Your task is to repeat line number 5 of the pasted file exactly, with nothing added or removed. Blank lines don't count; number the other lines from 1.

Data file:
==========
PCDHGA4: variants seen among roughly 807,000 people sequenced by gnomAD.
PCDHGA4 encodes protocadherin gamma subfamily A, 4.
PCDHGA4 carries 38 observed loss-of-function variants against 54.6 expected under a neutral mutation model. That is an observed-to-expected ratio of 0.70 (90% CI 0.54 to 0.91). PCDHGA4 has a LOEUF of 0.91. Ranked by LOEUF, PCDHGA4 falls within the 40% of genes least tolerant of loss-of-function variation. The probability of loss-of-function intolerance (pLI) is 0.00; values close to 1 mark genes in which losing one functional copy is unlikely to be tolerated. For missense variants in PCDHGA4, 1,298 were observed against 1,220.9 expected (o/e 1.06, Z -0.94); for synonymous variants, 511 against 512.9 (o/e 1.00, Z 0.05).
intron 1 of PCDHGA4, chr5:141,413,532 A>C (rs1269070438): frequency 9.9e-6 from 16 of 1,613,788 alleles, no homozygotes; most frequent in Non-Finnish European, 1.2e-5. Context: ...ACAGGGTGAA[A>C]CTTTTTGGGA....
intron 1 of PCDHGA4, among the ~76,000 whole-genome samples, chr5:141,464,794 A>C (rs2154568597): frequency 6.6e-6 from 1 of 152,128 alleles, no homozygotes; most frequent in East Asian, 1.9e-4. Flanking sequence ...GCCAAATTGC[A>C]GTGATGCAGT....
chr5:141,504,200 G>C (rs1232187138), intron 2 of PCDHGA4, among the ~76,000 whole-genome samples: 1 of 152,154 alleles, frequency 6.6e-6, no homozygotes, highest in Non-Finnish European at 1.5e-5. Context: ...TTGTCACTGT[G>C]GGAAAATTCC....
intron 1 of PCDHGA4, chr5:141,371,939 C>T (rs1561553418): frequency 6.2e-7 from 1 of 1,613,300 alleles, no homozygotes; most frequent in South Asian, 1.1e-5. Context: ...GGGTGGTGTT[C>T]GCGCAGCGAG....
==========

intron 1 of PCDHGA4, among the ~76,000 whole-genome samples, chr5:141,464,794 A>C (rs2154568597): frequency 6.6e-6 from 1 of 152,128 alleles, no homozygotes; most frequent in East Asian, 1.9e-4. Flanking sequence ...GCCAAATTGC[A>C]GTGATGCAGT....